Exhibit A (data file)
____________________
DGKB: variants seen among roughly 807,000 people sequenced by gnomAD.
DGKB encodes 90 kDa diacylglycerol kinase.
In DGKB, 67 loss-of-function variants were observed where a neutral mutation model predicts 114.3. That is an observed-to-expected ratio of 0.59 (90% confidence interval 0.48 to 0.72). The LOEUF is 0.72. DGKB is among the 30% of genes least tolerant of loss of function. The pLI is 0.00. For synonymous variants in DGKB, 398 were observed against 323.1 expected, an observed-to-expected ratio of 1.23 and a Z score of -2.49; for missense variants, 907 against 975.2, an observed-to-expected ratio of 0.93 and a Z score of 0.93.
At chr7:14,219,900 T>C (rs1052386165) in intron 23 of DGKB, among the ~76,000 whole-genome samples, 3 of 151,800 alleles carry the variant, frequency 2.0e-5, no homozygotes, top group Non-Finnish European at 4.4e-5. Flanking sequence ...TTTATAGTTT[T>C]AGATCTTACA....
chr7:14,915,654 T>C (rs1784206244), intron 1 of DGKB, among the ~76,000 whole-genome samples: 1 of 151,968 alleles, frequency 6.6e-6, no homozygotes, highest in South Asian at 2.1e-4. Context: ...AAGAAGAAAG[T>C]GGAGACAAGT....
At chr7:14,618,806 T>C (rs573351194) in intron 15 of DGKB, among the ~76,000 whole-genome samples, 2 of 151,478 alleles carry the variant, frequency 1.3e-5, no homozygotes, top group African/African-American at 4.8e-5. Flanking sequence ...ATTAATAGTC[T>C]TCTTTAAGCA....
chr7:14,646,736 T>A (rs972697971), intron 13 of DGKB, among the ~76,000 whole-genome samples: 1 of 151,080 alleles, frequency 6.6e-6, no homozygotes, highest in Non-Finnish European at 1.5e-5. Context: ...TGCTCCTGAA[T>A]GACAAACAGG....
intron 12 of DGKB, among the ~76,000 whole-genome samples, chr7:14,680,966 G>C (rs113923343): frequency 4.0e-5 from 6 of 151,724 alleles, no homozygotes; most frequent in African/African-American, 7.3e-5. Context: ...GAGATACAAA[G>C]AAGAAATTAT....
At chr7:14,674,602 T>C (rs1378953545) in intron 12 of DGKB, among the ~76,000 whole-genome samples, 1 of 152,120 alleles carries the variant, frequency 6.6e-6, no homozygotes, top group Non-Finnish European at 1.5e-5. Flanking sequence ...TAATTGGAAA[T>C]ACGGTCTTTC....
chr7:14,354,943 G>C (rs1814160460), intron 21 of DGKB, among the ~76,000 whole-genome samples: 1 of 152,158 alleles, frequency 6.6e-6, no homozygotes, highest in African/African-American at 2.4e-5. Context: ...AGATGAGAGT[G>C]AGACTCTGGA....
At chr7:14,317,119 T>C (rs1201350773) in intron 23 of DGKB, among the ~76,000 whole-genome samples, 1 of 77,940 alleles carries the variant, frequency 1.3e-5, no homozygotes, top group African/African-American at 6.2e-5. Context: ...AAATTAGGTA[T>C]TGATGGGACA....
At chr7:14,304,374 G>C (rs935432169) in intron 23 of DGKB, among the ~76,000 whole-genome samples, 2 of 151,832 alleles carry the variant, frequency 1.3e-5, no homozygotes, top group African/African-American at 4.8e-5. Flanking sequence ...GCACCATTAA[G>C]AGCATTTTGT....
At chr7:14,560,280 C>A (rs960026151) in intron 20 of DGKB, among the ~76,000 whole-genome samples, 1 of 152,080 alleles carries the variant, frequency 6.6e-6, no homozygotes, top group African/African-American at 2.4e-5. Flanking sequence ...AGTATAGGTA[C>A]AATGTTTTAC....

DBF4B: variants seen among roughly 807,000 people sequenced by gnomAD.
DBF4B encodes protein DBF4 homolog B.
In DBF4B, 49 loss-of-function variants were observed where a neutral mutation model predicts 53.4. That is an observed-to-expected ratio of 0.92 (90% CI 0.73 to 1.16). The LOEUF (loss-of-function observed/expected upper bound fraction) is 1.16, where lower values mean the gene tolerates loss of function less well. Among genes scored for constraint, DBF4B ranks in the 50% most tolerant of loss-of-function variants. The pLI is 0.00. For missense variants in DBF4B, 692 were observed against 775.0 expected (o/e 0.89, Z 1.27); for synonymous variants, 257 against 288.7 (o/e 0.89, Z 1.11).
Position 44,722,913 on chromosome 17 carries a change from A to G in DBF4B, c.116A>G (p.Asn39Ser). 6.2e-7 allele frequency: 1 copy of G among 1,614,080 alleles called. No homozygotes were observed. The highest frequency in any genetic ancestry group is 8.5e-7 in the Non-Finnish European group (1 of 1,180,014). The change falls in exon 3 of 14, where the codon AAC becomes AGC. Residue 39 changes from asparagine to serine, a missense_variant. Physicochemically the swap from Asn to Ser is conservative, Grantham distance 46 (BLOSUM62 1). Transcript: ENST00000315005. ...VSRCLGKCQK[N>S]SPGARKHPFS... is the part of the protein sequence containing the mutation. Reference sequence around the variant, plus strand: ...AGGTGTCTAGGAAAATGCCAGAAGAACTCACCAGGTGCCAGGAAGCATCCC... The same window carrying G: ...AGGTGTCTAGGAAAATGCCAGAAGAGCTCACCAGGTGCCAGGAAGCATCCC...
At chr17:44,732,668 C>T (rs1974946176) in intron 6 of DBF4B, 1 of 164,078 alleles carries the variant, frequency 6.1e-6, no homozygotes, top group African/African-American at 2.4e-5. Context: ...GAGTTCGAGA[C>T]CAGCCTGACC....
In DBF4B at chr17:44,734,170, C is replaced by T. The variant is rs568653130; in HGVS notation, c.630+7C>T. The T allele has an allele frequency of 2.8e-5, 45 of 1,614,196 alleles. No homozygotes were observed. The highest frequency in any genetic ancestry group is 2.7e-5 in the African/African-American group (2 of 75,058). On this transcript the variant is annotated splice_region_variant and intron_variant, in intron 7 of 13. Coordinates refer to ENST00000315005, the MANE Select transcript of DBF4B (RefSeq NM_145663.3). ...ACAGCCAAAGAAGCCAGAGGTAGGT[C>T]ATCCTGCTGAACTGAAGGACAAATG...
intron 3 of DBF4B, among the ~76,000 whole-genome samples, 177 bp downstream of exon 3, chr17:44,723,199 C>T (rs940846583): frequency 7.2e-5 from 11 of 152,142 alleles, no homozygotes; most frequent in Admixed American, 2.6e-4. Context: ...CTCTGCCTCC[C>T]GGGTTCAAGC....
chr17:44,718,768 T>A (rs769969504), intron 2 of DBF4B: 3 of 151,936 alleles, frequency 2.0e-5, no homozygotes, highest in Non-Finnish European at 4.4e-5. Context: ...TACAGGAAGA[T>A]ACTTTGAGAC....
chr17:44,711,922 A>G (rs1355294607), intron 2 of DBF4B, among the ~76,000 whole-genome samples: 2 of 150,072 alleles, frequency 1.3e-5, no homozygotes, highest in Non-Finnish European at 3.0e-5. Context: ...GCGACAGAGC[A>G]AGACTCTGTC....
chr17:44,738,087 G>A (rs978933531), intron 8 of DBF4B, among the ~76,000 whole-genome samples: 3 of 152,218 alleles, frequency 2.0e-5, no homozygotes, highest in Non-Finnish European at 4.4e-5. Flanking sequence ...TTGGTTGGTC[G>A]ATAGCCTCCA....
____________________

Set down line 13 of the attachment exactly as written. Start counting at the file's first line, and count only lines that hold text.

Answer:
At chr7:14,560,280 C>A (rs960026151) in intron 20 of DGKB, among the ~76,000 whole-genome samples, 1 of 152,080 alleles carries the variant, frequency 6.6e-6, no homozygotes, top group African/African-American at 2.4e-5. Flanking sequence ...AGTATAGGTA[C>A]AATGTTTTAC....